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Is Large Scale Biomass Energy a Wolf in Sheep’s Clothing?

Biomass energy means energy generated from burning living or recently living organisms such as wood, as opposed to fossilised organisms (also known as fossil fuels). The energy production process is just the same as with a coal or oil fired power station. Biomass fuel is burned to heat water which creates steam which turns turbines which produces electricity. Its supporters claim that it is an effective way of reducing carbon emissions but are they right?

It is not immediately obvious to most people why burning wood would be good for the environment, after all this releases carbon into the atmosphere, right? So what are the benefits of biomass as a fuel and should be moving toward large scale use?

What is the Environmental Effect of Burning Biomass?

Those in favour of biomass claim that it helps to reduce carbon emissions but how can this be when burning wood releases carbon? First of all the argument depends on the alternative being to be burn fossil fuels, which in fairness at present it most probably is. As trees and plants live they absorb carbon from the atmosphere. When they die and rot some carbon is released and some is trapped in the ground. As layer upon layer of trapped carbon builds up over millions of years we end up with oil and coal deposits. When fossil fuels are burned, this carbon which has been trapped for millennia is released into the atmosphere.

The theory behind biomass is that, instead of mining fossil fuels, you plant an area of woodland. As the trees grow they take carbon out of the atmosphere. When they are burned they release it back but they only release the same amount which they absorbed during life, so in very simple terms the net carbon emissions from biomass fuels are zero. If therefore the whole world suddenly switched to using biomass there would be no new carbon emissions from electricity production and the world’s natural forests and plants could absorb what was already there and so the levels of carbon in the atmosphere would eventually reduce.

Critics of large scale biomass use argue that this is far too simplistic a view and ignores several important factors. Firstly, they point out that the immediate of effect of switching from fossil to biomass fuel is an increase in emissions and that it could take decades or even centuries for the offset effect of planting new trees to have an impact. They point out that we do not have that long to solve the emissions problem. Secondly, they stress the need to look at what the land was used for previously. If it was a brownfield industrial site then turning it into forest will have a positive impact but in reality meadows and farmland are likely to be used. Since the plants in these areas absorb carbon and are not subsequently burned, they are net consumers of carbon.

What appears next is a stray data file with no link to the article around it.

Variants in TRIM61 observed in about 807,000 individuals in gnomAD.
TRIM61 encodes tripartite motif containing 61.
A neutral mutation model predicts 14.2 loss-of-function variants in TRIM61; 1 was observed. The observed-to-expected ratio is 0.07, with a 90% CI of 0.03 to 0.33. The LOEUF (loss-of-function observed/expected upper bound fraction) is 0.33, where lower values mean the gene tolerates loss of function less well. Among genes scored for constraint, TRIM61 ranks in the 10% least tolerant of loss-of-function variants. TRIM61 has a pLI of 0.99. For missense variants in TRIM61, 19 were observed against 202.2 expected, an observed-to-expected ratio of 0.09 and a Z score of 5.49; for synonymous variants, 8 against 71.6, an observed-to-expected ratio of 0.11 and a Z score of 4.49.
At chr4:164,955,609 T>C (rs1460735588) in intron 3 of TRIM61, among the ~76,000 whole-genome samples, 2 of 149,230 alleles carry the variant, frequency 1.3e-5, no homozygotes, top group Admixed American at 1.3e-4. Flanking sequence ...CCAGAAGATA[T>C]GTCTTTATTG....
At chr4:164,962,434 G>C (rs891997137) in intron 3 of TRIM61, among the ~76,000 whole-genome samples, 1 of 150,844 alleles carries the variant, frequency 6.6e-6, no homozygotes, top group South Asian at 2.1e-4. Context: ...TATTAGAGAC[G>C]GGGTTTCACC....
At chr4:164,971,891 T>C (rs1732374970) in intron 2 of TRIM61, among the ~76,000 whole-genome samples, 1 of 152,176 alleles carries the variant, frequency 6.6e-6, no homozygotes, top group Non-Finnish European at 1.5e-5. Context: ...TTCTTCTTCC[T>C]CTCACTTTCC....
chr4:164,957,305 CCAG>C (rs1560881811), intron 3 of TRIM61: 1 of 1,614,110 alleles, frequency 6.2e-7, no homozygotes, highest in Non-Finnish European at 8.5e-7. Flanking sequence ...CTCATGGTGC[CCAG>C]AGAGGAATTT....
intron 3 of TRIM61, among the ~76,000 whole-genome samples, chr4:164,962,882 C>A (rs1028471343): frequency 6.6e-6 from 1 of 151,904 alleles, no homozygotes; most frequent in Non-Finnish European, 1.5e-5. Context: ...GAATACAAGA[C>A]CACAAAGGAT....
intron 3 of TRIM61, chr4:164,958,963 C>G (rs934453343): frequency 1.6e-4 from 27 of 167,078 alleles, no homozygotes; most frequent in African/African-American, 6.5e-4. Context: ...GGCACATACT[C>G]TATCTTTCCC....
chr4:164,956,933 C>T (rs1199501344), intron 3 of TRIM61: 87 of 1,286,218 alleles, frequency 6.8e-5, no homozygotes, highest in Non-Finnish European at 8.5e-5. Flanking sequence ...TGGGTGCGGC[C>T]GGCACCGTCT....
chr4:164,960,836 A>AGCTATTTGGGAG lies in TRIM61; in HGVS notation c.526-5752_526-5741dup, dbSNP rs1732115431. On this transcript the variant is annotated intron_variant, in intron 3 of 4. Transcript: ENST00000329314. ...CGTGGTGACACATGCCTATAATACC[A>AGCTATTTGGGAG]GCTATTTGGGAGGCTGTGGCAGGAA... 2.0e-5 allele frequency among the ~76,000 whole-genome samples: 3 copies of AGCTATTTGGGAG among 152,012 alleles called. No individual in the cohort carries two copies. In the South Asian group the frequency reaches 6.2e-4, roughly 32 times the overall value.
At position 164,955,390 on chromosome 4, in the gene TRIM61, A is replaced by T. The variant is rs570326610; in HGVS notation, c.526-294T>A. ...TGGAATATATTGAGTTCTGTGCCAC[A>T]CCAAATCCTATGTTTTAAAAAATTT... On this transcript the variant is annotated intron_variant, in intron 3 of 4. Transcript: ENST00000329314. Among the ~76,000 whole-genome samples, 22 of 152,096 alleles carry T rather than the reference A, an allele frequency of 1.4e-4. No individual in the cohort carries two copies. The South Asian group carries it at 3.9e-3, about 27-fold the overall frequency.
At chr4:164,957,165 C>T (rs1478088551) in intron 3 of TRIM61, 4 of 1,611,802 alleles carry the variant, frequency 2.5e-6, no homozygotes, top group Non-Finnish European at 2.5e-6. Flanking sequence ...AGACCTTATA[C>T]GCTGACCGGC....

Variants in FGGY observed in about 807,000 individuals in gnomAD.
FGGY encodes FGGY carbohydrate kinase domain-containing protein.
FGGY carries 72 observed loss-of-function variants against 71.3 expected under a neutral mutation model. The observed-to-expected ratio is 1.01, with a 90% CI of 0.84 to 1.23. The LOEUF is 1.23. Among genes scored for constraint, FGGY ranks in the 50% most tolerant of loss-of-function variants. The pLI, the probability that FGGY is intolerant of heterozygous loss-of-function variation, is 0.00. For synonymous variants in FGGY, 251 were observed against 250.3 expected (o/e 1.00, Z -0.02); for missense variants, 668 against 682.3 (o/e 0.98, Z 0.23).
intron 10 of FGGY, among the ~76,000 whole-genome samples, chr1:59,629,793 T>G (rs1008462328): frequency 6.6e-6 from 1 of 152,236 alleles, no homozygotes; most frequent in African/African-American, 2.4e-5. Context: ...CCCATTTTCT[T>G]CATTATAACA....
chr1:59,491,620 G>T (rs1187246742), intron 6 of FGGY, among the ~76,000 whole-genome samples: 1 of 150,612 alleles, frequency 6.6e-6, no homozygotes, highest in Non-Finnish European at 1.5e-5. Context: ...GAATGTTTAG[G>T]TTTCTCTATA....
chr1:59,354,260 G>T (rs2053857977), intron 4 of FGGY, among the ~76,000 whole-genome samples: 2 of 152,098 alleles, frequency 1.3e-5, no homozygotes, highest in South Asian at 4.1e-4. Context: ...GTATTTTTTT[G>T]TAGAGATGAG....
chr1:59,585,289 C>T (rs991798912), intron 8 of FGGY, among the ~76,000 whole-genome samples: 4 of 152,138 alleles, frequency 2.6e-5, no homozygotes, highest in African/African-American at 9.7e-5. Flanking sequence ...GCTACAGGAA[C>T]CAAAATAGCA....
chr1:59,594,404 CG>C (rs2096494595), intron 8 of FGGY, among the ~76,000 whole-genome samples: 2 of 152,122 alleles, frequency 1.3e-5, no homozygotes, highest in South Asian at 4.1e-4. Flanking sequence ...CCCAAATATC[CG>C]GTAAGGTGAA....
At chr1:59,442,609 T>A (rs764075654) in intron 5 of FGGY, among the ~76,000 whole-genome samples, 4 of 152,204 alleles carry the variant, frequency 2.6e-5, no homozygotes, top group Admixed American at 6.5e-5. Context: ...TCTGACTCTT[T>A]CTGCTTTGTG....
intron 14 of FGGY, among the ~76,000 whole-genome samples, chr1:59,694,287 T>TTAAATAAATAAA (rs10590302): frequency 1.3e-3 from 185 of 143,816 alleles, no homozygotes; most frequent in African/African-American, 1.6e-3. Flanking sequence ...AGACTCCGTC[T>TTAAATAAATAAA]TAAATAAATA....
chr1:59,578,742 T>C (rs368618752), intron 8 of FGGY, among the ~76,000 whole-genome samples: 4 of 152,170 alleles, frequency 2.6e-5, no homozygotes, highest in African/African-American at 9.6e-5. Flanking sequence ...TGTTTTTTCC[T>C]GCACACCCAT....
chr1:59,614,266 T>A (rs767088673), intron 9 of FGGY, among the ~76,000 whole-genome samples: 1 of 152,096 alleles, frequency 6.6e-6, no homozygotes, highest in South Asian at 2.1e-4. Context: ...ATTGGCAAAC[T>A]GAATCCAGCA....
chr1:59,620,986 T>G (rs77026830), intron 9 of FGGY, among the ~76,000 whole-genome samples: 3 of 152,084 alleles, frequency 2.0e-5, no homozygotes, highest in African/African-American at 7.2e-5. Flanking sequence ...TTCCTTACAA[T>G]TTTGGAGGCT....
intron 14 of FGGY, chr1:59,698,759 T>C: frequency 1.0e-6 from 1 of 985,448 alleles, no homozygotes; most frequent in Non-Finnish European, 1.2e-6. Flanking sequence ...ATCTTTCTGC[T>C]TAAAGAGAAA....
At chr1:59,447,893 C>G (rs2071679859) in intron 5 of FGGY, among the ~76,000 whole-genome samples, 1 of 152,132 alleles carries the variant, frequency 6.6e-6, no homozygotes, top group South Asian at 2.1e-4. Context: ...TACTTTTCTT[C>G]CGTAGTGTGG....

Is Biomass a Sustainable Fuel?

There are question marks over the sustainability of biomass on a large scale. Is there enough spare space to actually grow all of the trees necessary to fuel the power stations? Licences have already been granted to destroy areas of rainforest and turn them into trees farms. As more and more power stations are constructed and demand for fuel increases there is a fear more and more natural forests and plains will be wiped out, thus reducing the Earth’s ability to absorb carbon and actually bring down the levels currently in the atmosphere.

Economically there are question marks too. Presently wood for biomass is relatively cheap but as its value to the consumer increases, so does its price. In the UK we have relatively low capacity to produce fuel therefore if we are to rely on biomass on a large scale we will need to import. This means the UK government will not be able to exercise any control on prices and we could end up being held to ransom in the same way as we are with oil.

Other Carbon Costs of Large Scale Biomass Energy

Biomass fuel is not carbon neutral. Although it is true that when burned it releases only the carbon it has absorbed during life, there is a cost associated with its production and transportation, particularly if it is imported from as far a field as South America. Also, waste has to be disposed of.

Biomass is seen in some areas as a simple short term solution to the carbon problem. On a small scale the advantages probably outweigh the disadvantages however on a larger scale it could be a case of out of the frying pan and into the fire.

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